«RM75»«FC»COL24.MDH - Road Funding Haunts State Whose Native Son Built America's Interstate Highways
Jefferson City -- the Capital of Missouri -- was sited roughly in the center of the state high on the bluffs along the Missouri River, which served as a transportation avenue for those who would come there for business or government matters.
Just over the hill from the great Missouri River and the state Capitol is a highway system that stretches from the Atlantic to the Pacific, and from Canada to Mexico. Visitors to Jefferson City traveling along U.S. Interstate 50 may notice a few small signs telling them they are on the "Rex Whitton Expressway."
Rex Marion Whitton was a modest. slow-talking Missouri farm boy whose leadership built America's interstate highway system. And he did it by successfully addressing the kind of funding challenges that daunt Missouri's transportation system to this day.
Whitton was born on a farm in Jackson County in the late 1890s. He worked his way through the University of Missouri, earning an engineering degree in April, 1920. He went to work for the state's highway department after graduation as a levelman, at a salary of just over $100 a month.
In 1951 -- after 31 years of steadily working his way up -- he became chief engineer, the top official in Missouri's highway department. In this role he became involved in, and in 1955 president of, the American Association of State Highway Officials. As AASHO president, Whitton represented this key group in debates in Congress that led to the passage of the Interstate Highway program. President Eisenhower signed it into law in sixty years ago this month, on June 29, 1956.
The first concrete in the interstate system was poured in Laclede County, Missouri, under a contract let in August 1956 to pave a stretch of Interstate 44.
The federal highway bill of 1958 set aside the interstate pay-as-you go system. Increases were authorized, but not funded. A recession diminished revenues bringing construction to a virtual halt. In 1961, President Kennedy made Whitton head of the Federal Highway Administration.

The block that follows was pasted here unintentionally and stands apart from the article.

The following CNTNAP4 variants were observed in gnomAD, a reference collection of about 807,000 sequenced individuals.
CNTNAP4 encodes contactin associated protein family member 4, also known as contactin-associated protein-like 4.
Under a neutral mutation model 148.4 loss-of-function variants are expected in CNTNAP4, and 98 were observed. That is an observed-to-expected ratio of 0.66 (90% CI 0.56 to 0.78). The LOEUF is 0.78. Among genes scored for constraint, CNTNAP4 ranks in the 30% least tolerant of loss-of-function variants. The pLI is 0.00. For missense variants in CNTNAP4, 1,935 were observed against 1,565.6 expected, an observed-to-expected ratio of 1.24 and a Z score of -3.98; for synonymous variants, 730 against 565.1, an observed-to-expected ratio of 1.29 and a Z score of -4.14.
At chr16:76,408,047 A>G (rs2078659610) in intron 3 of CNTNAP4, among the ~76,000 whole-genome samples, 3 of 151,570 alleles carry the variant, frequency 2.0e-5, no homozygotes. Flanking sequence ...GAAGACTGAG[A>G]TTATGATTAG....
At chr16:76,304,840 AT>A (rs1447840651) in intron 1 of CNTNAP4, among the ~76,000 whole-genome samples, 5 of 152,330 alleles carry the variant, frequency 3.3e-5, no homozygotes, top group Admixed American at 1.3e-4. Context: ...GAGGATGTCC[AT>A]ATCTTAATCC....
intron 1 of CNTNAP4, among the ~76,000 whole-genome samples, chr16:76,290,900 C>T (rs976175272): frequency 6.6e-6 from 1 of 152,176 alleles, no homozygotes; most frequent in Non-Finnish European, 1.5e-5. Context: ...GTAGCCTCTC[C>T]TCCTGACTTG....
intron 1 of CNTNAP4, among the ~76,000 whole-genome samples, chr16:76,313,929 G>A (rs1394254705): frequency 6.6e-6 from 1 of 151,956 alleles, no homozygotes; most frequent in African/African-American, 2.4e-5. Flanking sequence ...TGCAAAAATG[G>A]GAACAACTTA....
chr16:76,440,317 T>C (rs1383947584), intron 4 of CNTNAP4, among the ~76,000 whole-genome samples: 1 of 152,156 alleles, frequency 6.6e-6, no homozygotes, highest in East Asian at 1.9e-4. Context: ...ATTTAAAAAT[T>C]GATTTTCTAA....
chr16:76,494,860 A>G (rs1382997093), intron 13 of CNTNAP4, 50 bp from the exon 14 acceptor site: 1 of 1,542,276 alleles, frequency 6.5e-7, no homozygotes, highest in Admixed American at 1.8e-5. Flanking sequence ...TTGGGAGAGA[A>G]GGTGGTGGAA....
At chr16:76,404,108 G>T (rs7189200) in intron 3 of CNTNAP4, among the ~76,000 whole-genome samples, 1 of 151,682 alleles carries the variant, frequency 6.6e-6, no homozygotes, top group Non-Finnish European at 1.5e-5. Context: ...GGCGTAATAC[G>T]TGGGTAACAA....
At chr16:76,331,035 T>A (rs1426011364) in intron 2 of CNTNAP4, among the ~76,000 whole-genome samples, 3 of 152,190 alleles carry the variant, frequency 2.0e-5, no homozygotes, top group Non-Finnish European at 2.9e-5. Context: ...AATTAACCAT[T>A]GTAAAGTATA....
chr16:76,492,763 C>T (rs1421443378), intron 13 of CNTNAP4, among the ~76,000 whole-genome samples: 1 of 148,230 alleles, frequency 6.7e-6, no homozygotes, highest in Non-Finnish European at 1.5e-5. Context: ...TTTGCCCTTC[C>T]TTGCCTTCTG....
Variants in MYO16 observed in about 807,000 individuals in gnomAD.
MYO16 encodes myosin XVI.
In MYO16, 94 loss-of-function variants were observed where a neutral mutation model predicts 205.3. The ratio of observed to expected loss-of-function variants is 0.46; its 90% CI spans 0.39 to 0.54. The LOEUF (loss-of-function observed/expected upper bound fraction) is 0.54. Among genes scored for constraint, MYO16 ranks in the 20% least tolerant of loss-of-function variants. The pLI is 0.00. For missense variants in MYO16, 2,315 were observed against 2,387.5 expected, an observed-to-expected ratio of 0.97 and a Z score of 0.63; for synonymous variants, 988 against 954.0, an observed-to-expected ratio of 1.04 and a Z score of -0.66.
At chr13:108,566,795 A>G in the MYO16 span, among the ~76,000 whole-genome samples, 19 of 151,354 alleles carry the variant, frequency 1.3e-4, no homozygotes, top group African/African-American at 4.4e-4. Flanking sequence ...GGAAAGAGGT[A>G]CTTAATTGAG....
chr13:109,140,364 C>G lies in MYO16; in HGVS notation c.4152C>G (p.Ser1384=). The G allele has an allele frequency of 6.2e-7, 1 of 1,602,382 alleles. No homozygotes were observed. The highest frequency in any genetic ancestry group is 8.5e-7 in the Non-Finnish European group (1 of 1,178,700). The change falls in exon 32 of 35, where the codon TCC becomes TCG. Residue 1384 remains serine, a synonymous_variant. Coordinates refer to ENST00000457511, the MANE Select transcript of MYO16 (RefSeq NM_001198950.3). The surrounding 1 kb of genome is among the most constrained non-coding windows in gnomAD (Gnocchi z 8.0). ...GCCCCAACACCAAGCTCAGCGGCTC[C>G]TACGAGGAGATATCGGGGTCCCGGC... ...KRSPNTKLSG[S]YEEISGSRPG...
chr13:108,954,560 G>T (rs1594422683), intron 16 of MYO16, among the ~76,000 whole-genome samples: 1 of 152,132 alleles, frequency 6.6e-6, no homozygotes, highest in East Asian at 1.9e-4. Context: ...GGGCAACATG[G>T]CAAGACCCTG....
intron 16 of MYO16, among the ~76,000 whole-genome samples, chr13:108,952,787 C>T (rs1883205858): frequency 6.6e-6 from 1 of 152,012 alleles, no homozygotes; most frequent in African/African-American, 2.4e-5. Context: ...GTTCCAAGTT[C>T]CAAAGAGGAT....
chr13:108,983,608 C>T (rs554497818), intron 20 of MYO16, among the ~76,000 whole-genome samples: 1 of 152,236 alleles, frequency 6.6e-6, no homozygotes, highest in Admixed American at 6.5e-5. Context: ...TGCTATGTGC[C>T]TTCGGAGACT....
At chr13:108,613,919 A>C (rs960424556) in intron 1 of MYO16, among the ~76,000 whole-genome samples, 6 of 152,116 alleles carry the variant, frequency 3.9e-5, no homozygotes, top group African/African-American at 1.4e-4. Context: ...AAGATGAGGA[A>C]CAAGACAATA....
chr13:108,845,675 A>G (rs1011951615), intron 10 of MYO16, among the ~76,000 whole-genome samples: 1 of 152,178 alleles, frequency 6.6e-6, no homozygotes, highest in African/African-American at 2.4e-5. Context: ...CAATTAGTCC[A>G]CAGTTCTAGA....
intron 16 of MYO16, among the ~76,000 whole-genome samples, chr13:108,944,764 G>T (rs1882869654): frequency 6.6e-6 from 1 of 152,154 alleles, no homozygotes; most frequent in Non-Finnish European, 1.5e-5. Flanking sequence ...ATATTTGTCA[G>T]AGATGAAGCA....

In his first months in office, Whitton headed to Capitol Hill to tackle the funding crisis facing interstate highway construction. After much debate, Congress passed the Federal Aid Highway Act of 1961, which increased revenue and re-established the pay-as-you go system. President Kennedy signed the bill into law on June 29, 1961. The President presented the signature pen to Whitton, who kept it as a treasured possession.
Whitton retired from the federal position in 1966 and returned to Missouri where he worked as a civil engineer until retiring in 1975. In 1981, he died in Kansas City, at age 82.
Ten years after Whitton's death, the Interstate Highway System he had persuaded one Congress to enact, and another Congress to successfully fund, was completed. It was 46,000 miles long and involved construction costs estimated at $516 billion.
The Interstate Highway System now carries 25 percent of the traffic in the nation and stands as the largest and most ambitious public works project in the history of the United States.
This year, the Missouri Senate passed a scaled-down version of a proposal to let voters consider a tax increase to help maintain Missouri highways and bridges. The plan died in the House.
Lawmakers approved a transportation budget that was $29 million more than last year -- including $18 million more in General Revenue than the governor requested. MoDot estimates that it will have to let $485 million in new construction contracts each year to maintain the state's highway system at its current level.
It is appropriate that the "Rex Whitton Expressway" honors the man from Missouri whose leadership built our nation's interstate highway system. If a farm boy from Missouri can figure out how to build and finance an interstate highway system across our nation, surely the rest of us in Missouri can figure out how to fund maintaining one across our state.
[After a career in journalism, Mark Hughes became a top, non-partisan policy analyst for Missouri government including the state Senate, state Treasurer's Office and the utility-regulating PSC. He has been an observer and analyst of state government since the administration of Gov. Kit Bond.]